Moderna’s business took flight in 2021 thanks to authorizations for its COVID-19 vaccine, and so did its CEO’s pay.
Moderna is hiking CEO Stephane Bancel’s 2021 pay by 41% to $18.2 million, citing “unprecedented growth” at the mRNA specialist, a securities filing (PDF) shows. The CEO pay bump comes as the Massachusetts biotech generated $18.5 billion in revenues last year, a massive increase over the prior year when it recorded $803 million.
As Moderna transformed into a commercial drugmaker with annual revenues rivaling Big Pharma players, Bancel could be up for bigger pay checks in the future.
Moderna recently changed its compensation peer group, which is a list of similar companies that a firm uses to make sure its own executive benefits are competitive in the market. Rather than some large biotechs such as Alnylam Pharmaceuticals, Sarepta Therapeutics and Incyte, Moderna’s new peer list includes several Big Pharmas, including AbbVie, Bristol Myers Squibb, Eli Lilly, Merck & Co., and Pfizer, the CEOs of which all made onto the top 15 highest-paid biopharma CEO list of 2020. The new peer group takes effect for setting Moderna execs’ 2022 compensations.
The majority of Bancel’s 2021 pay package came from $15 million in equity awards, up from $9 million in 2020. This part of the compensation is considered “at risk,” given it can only be collected over time when certain criteria are met.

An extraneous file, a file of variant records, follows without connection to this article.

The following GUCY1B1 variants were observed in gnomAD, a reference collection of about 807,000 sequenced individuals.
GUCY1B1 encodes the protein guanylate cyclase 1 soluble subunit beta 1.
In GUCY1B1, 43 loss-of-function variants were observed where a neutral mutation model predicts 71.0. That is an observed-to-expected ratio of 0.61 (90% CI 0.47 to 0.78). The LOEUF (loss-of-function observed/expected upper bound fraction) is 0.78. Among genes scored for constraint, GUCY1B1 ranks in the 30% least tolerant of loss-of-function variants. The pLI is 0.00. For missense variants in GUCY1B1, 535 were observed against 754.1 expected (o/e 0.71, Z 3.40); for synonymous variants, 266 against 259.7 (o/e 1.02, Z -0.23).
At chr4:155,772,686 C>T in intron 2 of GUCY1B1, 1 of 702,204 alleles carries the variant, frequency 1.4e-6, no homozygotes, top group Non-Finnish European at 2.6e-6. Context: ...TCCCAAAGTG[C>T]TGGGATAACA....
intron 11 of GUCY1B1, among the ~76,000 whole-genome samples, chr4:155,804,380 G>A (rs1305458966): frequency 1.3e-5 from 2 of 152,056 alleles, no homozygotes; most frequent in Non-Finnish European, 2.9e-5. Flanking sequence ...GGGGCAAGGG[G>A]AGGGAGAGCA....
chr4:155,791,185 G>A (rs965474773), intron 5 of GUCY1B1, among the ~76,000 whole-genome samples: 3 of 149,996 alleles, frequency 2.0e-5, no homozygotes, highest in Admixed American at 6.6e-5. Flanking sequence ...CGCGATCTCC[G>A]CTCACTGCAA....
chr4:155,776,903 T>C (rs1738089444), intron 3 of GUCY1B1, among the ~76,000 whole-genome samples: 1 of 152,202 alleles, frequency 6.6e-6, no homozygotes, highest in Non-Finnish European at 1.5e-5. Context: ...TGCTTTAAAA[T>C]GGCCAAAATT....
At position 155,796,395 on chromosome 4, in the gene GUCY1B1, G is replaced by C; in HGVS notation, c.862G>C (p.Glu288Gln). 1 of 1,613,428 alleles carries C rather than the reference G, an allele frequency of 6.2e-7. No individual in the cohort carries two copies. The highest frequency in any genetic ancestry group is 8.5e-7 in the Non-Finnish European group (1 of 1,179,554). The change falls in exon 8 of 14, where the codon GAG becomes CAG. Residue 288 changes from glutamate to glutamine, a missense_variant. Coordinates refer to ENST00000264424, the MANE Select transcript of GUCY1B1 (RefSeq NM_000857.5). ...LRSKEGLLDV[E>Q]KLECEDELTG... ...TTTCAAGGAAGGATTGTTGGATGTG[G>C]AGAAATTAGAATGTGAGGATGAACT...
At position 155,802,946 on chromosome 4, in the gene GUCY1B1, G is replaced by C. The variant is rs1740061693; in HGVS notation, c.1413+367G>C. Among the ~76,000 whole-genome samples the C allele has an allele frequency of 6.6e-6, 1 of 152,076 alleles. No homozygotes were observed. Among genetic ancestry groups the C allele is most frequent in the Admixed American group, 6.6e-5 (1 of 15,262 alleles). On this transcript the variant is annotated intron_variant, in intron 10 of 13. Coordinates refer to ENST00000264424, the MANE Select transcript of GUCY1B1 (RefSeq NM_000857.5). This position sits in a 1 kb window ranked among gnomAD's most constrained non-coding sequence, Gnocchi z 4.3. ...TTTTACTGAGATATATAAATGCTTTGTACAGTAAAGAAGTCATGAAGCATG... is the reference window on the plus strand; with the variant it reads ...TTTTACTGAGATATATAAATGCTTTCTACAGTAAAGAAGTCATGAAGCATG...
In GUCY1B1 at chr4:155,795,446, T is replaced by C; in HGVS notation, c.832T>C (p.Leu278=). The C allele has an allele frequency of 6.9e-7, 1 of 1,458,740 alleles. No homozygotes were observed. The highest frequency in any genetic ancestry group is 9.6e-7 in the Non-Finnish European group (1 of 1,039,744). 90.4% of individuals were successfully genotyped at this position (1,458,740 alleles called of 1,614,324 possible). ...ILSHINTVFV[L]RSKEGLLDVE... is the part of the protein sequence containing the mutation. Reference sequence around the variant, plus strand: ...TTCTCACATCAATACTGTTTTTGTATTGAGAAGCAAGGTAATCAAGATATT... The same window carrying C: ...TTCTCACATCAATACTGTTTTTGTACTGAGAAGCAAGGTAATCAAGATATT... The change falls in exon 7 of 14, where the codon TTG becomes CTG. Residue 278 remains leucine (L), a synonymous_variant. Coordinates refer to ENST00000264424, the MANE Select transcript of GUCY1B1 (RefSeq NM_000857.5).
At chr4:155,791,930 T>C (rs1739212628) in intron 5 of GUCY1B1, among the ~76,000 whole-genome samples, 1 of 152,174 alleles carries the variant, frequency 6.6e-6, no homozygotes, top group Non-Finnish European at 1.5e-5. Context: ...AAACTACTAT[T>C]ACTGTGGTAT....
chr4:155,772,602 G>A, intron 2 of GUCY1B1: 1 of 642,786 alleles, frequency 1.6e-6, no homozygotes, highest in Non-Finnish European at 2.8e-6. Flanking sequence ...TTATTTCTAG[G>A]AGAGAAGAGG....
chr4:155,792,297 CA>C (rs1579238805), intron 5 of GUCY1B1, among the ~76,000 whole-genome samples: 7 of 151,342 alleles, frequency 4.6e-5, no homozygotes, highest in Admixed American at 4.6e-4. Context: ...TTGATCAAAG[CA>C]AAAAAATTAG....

Starting from 2021, Moderna introduced a performance-based share unit plan, which for Bancel made up 25% of his total stock award. These shares are tied to Moderna’s performance during a three-year period and “focus on pipeline development goals that support our long-term strategy,” Moderna said in a securities filing. As Moderna noted, such awards only convey value if its stock price rises.
Besides the stock award, Bancel enjoyed a 5.3% salary jump to nearly $1 million, but his bonus dropped 21% to $1.5 million.
When 2021 started, Moderna set a target bonus that matches Bancel’s salary. After evaluating the company’s performance against a list of corporate goals, the board decided on a 150% payout.
Under Bancel’s leadership, Moderna exceled on several line items on the goal scorecard, including reeling in $17.7 billion sales from the now fully FDA-approved COVID vaccine Spikevax, well above the target of $14.5 billion. But when it comes to generation of proof-of-concept data across therapeutic areas and the number of new lead projects and clinical trials opened, the company underperformed.
One major stumble Moderna suffered last year came in December from its mRNA-based seasonal flu vaccine. That mRNA shot, dubbed mRNA-1010, reported early antibody response data that didn’t look any better than existing high-efficacy flu shots such as Sanofi’s Fluzone HD.
In 2021, Moderna expanded its pipeline candidates from 21 to 37, according to the securities filing.
With a record cash flow of $17.6 billion at the end of 2021—versus $5.2 billion in 2020—Moderna has recently launched an expansion campaign.
To support the development and roll-out of Spikevax, Moderna already more than doubled its headcount in 2021 to over 2,700 employees. The company recently unveiled plans to install new commercial teams in Belgium, Denmark, the Netherlands, Norway, Poland and Sweden, and to open new offices in Hong Kong, Malaysia, Singapore and Taiwan, with hiring sprees planned. The U.S. biotech will also build an mRNA vaccine manufacturing plant in Kenya to supply for Africa.